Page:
The Recession Even Affects The Dead

The New York Times today has an article about a practice that it claims is growing in popularity due to the bad economy: home burial. And not just for your cat or hamster -- it means for your loved ones. In an example it gives, after a family member passes, the family cleans up the corpse, builds a coffin and buries him on their farm in New Hampshire. This family only spent $250, compared to $6000 for average funeral services. Could this really catch on?

In most states, there are surprisingly few barriers. From the Times:

In Connecticut, Indiana, Louisiana, Michigan, Nebraska and New York, laws require that a funeral director handle human remains at some point in the process. In the 44 other states and the District of Columbia, loved ones can be responsible for the body themselves.


Families are typically required to obtain the death certificate and a burial transit permit so the body can be moved from a hospital to a cemetery, or, more typically, a crematory.

There are sometimes local ordinances, however. Check with your neighborhood's homeowner association if you're planning on saving some money by burying grandma in the backyard. And this website is also quite informative.

I wonder, as the baby boomers begin to pass away, if this phenomenon could gain popularity. I can't speak for all of those from the "greatest generation" who are, sadly, almost gone, but many of them had some savings put away to take care of funeral costs. My grandparents were all modest, blue collar workers, but had enough savings not to be a burden on their children. Unless the baby boomers drastically change course, their children won't have it as easy. Their children aren't exactly savers either, so where will that $6000 on average come from?

If home burial does begin getting more popular, I'll be curious to see if the government starts stepping in to stop it. There are definitely some undesirable outcomes that you can imagine resulting from home burial, since we don't all live on farms with lots of acreage to create memorials for our loved ones. What if you move into a new house and rover starts digging in the backyard only to find a coffin? What do you do if you go to put in a new swimming pool and find a body? And what happens in the case of foreclosure -- do you take your corpses with you?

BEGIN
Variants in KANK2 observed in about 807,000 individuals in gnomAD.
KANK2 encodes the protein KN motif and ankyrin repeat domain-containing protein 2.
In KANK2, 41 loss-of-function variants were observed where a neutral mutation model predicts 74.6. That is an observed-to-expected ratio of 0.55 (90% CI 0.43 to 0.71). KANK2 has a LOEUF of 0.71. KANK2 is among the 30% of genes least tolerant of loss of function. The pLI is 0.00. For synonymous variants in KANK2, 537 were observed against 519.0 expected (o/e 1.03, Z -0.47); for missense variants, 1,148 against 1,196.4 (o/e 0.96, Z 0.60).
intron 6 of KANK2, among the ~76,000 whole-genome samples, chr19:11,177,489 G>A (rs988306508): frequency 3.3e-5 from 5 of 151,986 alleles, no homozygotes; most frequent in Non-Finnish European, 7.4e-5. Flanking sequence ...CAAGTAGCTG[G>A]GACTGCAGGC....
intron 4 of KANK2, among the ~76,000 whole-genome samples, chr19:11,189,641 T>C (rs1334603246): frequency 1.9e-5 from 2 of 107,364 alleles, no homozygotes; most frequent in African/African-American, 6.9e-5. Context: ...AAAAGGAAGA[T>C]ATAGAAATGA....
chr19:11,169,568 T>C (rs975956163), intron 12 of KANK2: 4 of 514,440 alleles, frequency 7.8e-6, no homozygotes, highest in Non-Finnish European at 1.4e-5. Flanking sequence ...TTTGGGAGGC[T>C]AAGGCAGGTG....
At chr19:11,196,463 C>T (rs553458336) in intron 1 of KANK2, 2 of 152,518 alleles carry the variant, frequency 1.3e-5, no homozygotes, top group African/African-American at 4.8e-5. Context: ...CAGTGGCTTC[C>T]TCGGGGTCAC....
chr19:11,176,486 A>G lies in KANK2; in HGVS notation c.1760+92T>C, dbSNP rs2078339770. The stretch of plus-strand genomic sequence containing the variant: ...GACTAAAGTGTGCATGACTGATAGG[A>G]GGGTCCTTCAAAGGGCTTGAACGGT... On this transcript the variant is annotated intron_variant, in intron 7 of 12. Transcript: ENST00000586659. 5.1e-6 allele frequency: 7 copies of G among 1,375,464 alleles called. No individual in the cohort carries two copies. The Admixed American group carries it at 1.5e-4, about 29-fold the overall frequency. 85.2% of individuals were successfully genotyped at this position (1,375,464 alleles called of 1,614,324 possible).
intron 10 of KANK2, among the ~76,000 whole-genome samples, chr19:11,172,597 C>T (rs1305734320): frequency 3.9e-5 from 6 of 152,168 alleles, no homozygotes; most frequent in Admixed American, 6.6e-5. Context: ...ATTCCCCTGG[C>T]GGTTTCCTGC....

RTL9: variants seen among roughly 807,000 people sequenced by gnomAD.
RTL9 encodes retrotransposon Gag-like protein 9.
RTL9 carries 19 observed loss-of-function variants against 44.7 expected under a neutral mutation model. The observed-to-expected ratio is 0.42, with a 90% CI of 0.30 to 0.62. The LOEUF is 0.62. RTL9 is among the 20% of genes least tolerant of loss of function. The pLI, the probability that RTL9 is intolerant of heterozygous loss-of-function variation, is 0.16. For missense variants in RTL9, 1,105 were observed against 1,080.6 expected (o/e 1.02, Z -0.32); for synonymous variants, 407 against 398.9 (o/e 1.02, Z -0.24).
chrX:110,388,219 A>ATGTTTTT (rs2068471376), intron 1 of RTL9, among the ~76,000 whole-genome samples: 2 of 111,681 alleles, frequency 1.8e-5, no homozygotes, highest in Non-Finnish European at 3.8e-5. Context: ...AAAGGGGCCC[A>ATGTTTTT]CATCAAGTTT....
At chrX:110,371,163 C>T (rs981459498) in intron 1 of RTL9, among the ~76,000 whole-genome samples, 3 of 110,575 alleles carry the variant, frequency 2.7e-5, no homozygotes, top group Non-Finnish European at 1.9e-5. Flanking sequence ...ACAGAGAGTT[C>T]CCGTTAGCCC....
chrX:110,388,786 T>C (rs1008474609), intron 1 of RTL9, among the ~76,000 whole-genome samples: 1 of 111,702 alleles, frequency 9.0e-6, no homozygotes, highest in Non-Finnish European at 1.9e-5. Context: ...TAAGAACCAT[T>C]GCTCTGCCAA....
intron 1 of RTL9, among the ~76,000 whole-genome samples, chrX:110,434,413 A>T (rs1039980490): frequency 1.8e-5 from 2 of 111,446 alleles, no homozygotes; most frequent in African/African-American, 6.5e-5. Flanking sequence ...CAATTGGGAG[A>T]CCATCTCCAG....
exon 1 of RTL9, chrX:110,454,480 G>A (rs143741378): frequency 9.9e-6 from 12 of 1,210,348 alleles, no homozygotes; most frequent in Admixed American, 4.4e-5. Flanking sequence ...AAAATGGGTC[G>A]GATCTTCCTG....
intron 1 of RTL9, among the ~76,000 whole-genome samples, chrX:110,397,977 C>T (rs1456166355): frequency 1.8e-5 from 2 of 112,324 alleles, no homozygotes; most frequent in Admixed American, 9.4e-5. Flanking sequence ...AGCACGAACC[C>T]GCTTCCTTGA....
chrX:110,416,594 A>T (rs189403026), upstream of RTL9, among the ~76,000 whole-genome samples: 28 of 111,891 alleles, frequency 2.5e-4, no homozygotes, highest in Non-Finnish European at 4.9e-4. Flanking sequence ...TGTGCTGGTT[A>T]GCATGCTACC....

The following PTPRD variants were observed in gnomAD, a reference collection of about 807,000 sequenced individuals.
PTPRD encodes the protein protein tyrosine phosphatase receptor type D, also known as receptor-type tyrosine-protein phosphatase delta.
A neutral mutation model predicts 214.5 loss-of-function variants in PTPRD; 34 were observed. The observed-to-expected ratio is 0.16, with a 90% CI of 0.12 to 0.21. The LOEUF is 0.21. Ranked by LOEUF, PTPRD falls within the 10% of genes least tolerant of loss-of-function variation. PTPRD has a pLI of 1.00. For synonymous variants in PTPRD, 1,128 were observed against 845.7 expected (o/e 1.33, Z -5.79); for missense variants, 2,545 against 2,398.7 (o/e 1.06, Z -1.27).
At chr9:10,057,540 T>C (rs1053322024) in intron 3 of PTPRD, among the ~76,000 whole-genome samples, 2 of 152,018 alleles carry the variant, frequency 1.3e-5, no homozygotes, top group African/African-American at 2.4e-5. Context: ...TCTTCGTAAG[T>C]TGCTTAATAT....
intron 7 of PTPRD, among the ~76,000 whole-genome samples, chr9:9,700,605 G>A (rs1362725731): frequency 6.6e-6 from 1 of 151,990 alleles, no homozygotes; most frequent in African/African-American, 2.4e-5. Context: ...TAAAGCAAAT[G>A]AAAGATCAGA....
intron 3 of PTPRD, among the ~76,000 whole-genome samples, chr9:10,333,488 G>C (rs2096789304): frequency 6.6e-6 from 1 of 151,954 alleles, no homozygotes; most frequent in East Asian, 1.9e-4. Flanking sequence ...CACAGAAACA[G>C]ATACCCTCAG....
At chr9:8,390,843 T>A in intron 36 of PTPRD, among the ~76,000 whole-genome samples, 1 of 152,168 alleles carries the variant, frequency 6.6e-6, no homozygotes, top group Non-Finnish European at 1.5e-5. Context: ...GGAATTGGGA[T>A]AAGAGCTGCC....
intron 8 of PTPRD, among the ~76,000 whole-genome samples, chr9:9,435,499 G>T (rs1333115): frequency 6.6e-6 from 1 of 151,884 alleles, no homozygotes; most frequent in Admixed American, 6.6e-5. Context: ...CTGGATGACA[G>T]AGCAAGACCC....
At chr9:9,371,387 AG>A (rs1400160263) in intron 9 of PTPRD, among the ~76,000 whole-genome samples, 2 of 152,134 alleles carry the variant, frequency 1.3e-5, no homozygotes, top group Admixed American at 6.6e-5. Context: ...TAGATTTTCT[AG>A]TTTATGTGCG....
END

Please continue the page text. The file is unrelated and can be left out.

As society continues to become more mobile, and families don't live in the same house for generations, I find it hard to believe that this practice can gain much popularity. The idea of handling your dead relatives yourself -- in a literal sense -- is sure to be too overwhelming of an experience for many to handle. That is, unless our lack of savings forces us to get past the emotion.

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Daniel Indiviglio was an associate editor at The Atlantic from 2009 through 2011. He is now the Washington, D.C.-based columnist for Reuters Breakingviews. He is also a 2011 Robert Novak Journalism Fellow through the Phillips Foundation. More

Indiviglio has also written for Forbes. Prior to becoming a journalist, he spent several years working as an investment banker and a consultant.

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